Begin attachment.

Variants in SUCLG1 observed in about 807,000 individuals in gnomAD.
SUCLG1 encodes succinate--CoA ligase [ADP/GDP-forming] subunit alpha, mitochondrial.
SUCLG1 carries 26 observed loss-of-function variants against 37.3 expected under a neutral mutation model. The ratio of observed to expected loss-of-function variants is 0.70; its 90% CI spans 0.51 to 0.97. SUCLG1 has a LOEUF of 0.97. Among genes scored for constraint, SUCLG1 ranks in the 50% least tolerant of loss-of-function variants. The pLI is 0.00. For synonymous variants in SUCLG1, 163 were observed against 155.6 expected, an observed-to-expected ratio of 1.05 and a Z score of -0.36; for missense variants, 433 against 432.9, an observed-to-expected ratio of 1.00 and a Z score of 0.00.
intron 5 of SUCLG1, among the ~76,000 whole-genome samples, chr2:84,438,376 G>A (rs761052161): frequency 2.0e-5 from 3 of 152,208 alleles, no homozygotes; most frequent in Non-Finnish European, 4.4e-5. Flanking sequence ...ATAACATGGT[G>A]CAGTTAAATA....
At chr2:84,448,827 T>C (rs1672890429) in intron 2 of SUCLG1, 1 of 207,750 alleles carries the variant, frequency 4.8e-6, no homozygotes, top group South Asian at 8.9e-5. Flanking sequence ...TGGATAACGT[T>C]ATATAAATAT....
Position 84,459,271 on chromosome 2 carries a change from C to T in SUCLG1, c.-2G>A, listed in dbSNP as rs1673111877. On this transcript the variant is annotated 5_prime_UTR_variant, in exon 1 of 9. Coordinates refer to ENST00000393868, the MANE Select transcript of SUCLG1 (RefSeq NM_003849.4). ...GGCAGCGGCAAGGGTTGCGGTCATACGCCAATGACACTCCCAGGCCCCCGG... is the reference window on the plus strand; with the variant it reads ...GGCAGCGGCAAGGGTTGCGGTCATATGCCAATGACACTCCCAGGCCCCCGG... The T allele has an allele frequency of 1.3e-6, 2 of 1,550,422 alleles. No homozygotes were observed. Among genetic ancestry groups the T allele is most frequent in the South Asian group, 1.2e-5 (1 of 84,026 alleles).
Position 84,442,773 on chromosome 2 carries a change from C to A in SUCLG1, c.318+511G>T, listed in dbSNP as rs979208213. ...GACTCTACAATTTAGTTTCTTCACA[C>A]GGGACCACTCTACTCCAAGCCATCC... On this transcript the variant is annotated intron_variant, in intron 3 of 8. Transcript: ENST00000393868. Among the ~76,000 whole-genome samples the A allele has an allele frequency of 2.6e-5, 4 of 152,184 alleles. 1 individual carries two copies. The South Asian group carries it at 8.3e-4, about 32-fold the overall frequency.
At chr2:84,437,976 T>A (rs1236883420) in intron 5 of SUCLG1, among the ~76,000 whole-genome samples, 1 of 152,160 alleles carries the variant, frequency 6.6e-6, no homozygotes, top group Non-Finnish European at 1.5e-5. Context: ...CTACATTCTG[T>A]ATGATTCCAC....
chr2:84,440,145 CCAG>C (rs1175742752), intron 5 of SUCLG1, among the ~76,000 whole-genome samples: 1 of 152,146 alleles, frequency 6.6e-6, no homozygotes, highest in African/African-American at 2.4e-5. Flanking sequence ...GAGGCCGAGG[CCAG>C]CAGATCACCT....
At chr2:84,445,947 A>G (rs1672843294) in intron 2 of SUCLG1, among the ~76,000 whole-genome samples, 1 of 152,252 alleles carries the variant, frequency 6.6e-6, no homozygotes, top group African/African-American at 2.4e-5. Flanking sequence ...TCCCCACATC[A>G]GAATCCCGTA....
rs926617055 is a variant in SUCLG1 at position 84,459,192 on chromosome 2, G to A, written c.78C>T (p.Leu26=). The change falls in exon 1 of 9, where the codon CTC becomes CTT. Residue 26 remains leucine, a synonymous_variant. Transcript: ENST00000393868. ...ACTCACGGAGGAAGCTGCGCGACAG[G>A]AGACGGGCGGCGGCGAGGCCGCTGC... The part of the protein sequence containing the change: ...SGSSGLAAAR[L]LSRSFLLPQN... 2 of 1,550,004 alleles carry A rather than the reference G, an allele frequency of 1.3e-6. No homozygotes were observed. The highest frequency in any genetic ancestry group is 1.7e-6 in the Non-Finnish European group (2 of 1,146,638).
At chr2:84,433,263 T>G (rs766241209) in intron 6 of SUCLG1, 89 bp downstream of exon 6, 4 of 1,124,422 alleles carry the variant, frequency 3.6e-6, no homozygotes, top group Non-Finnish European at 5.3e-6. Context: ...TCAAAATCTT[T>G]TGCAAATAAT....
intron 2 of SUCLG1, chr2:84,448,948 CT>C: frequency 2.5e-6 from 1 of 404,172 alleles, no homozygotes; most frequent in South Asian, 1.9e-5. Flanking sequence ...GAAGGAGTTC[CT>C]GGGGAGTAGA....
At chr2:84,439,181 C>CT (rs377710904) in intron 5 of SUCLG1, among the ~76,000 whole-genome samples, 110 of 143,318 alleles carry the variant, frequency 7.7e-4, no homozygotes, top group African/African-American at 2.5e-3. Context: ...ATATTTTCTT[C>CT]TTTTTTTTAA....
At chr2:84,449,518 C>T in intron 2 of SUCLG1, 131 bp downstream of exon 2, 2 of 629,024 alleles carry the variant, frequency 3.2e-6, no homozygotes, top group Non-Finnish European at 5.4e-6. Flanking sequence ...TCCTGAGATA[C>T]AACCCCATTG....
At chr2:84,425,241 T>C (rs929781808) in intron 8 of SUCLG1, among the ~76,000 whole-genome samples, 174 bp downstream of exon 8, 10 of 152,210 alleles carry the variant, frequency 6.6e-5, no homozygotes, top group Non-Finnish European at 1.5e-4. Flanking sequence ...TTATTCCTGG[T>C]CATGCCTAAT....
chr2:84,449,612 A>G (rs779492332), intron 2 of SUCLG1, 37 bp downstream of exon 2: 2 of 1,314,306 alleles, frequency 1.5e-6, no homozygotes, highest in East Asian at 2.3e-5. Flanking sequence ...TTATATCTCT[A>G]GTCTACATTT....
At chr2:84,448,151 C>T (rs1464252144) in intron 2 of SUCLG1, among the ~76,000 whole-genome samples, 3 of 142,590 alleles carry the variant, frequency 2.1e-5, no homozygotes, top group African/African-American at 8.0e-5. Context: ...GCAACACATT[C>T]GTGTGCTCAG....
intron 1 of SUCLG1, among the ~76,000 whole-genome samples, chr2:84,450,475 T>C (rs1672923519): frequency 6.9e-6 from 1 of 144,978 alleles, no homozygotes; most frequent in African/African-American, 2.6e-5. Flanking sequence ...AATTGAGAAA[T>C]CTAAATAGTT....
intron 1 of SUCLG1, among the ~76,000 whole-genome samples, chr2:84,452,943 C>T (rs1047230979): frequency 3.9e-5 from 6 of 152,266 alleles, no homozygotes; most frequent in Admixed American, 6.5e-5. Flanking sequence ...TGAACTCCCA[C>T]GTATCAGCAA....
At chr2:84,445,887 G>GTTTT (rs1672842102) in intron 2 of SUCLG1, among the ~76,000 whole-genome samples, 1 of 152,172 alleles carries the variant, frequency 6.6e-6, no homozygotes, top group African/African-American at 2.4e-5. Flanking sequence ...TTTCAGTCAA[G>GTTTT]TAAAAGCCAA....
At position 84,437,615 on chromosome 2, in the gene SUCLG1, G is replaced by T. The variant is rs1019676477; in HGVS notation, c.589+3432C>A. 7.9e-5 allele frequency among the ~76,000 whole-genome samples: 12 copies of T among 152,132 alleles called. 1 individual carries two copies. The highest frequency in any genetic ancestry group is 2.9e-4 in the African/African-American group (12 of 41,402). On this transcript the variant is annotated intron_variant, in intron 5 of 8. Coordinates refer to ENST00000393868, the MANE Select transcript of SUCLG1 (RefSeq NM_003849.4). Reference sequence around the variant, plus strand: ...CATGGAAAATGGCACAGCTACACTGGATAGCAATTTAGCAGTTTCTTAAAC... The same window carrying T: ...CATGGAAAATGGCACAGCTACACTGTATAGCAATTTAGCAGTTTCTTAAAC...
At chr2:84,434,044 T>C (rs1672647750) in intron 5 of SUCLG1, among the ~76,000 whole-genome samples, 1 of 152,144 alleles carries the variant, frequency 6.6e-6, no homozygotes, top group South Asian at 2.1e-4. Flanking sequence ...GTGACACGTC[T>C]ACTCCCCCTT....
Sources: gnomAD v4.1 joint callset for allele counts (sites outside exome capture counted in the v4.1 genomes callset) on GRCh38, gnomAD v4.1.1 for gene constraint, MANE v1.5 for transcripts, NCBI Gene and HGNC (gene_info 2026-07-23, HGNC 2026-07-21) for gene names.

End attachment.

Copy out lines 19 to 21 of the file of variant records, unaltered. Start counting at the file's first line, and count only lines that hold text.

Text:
intron 1 of SUCLG1, among the ~76,000 whole-genome samples, chr2:84,450,475 T>C (rs1672923519): frequency 6.9e-6 from 1 of 144,978 alleles, no homozygotes; most frequent in African/African-American, 2.6e-5. Flanking sequence ...AATTGAGAAA[T>C]CTAAATAGTT....
intron 1 of SUCLG1, among the ~76,000 whole-genome samples, chr2:84,452,943 C>T (rs1047230979): frequency 3.9e-5 from 6 of 152,266 alleles, no homozygotes; most frequent in Admixed American, 6.5e-5. Flanking sequence ...TGAACTCCCA[C>T]GTATCAGCAA....
At chr2:84,445,887 G>GTTTT (rs1672842102) in intron 2 of SUCLG1, among the ~76,000 whole-genome samples, 1 of 152,172 alleles carries the variant, frequency 6.6e-6, no homozygotes, top group African/African-American at 2.4e-5. Flanking sequence ...TTTCAGTCAA[G>GTTTT]TAAAAGCCAA....